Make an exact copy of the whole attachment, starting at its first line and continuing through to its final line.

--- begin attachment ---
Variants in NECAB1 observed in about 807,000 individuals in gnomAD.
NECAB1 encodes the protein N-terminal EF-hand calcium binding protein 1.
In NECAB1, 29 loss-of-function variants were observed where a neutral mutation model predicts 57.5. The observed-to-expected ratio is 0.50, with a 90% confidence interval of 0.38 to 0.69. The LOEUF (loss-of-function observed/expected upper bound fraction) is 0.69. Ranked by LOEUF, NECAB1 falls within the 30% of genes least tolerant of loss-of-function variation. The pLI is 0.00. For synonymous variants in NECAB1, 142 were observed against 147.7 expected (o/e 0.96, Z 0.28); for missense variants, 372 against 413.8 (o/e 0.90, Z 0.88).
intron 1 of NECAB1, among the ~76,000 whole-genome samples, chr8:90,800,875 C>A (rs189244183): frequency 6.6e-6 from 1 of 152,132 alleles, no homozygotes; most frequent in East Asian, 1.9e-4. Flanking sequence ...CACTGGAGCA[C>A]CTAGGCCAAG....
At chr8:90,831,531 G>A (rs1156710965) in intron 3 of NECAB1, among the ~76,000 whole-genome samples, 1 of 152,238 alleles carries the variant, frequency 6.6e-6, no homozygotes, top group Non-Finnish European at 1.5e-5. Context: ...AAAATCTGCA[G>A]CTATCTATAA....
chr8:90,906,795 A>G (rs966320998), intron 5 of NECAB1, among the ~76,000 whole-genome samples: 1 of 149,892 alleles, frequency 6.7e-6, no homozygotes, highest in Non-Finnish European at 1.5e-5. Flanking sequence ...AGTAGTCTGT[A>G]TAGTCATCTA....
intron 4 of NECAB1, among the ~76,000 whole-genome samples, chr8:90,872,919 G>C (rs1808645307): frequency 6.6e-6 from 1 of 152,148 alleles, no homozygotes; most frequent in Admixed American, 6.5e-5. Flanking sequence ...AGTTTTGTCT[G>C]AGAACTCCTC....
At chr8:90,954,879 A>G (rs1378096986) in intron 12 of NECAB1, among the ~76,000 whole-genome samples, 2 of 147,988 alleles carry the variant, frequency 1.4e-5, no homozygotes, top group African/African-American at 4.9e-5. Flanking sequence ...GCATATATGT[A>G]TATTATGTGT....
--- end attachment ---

Variants in NECAB1 observed in about 807,000 individuals in gnomAD.
NECAB1 encodes the protein N-terminal EF-hand calcium binding protein 1.
In NECAB1, 29 loss-of-function variants were observed where a neutral mutation model predicts 57.5. The observed-to-expected ratio is 0.50, with a 90% confidence interval of 0.38 to 0.69. The LOEUF (loss-of-function observed/expected upper bound fraction) is 0.69. Ranked by LOEUF, NECAB1 falls within the 30% of genes least tolerant of loss-of-function variation. The pLI is 0.00. For synonymous variants in NECAB1, 142 were observed against 147.7 expected (o/e 0.96, Z 0.28); for missense variants, 372 against 413.8 (o/e 0.90, Z 0.88).
intron 1 of NECAB1, among the ~76,000 whole-genome samples, chr8:90,800,875 C>A (rs189244183): frequency 6.6e-6 from 1 of 152,132 alleles, no homozygotes; most frequent in East Asian, 1.9e-4. Flanking sequence ...CACTGGAGCA[C>A]CTAGGCCAAG....
At chr8:90,831,531 G>A (rs1156710965) in intron 3 of NECAB1, among the ~76,000 whole-genome samples, 1 of 152,238 alleles carries the variant, frequency 6.6e-6, no homozygotes, top group Non-Finnish European at 1.5e-5. Context: ...AAAATCTGCA[G>A]CTATCTATAA....
chr8:90,906,795 A>G (rs966320998), intron 5 of NECAB1, among the ~76,000 whole-genome samples: 1 of 149,892 alleles, frequency 6.7e-6, no homozygotes, highest in Non-Finnish European at 1.5e-5. Flanking sequence ...AGTAGTCTGT[A>G]TAGTCATCTA....
intron 4 of NECAB1, among the ~76,000 whole-genome samples, chr8:90,872,919 G>C (rs1808645307): frequency 6.6e-6 from 1 of 152,148 alleles, no homozygotes; most frequent in Admixed American, 6.5e-5. Flanking sequence ...AGTTTTGTCT[G>C]AGAACTCCTC....
At chr8:90,954,879 A>G (rs1378096986) in intron 12 of NECAB1, among the ~76,000 whole-genome samples, 2 of 147,988 alleles carry the variant, frequency 1.4e-5, no homozygotes, top group African/African-American at 4.9e-5. Flanking sequence ...GCATATATGT[A>G]TATTATGTGT....